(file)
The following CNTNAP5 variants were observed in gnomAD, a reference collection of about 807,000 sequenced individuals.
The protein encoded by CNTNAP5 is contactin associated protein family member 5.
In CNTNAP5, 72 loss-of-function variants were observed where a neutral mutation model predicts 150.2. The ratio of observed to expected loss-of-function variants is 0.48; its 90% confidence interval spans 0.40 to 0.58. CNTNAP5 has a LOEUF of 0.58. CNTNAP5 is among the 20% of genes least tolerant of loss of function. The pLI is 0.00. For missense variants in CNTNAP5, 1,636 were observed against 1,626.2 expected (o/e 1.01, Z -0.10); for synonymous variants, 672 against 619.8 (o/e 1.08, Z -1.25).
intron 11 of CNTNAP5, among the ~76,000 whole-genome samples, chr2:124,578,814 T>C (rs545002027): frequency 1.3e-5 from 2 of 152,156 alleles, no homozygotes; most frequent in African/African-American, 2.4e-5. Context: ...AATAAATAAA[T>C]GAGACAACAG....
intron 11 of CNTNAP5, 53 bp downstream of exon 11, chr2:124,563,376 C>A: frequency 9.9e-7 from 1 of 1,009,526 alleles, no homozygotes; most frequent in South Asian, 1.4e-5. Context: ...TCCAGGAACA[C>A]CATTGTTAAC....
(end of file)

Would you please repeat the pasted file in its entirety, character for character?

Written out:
The following CNTNAP5 variants were observed in gnomAD, a reference collection of about 807,000 sequenced individuals.
The protein encoded by CNTNAP5 is contactin associated protein family member 5.
In CNTNAP5, 72 loss-of-function variants were observed where a neutral mutation model predicts 150.2. The ratio of observed to expected loss-of-function variants is 0.48; its 90% confidence interval spans 0.40 to 0.58. CNTNAP5 has a LOEUF of 0.58. CNTNAP5 is among the 20% of genes least tolerant of loss of function. The pLI is 0.00. For missense variants in CNTNAP5, 1,636 were observed against 1,626.2 expected (o/e 1.01, Z -0.10); for synonymous variants, 672 against 619.8 (o/e 1.08, Z -1.25).
intron 11 of CNTNAP5, among the ~76,000 whole-genome samples, chr2:124,578,814 T>C (rs545002027): frequency 1.3e-5 from 2 of 152,156 alleles, no homozygotes; most frequent in African/African-American, 2.4e-5. Context: ...AATAAATAAA[T>C]GAGACAACAG....
intron 11 of CNTNAP5, 53 bp downstream of exon 11, chr2:124,563,376 C>A: frequency 9.9e-7 from 1 of 1,009,526 alleles, no homozygotes; most frequent in South Asian, 1.4e-5. Context: ...TCCAGGAACA[C>A]CATTGTTAAC....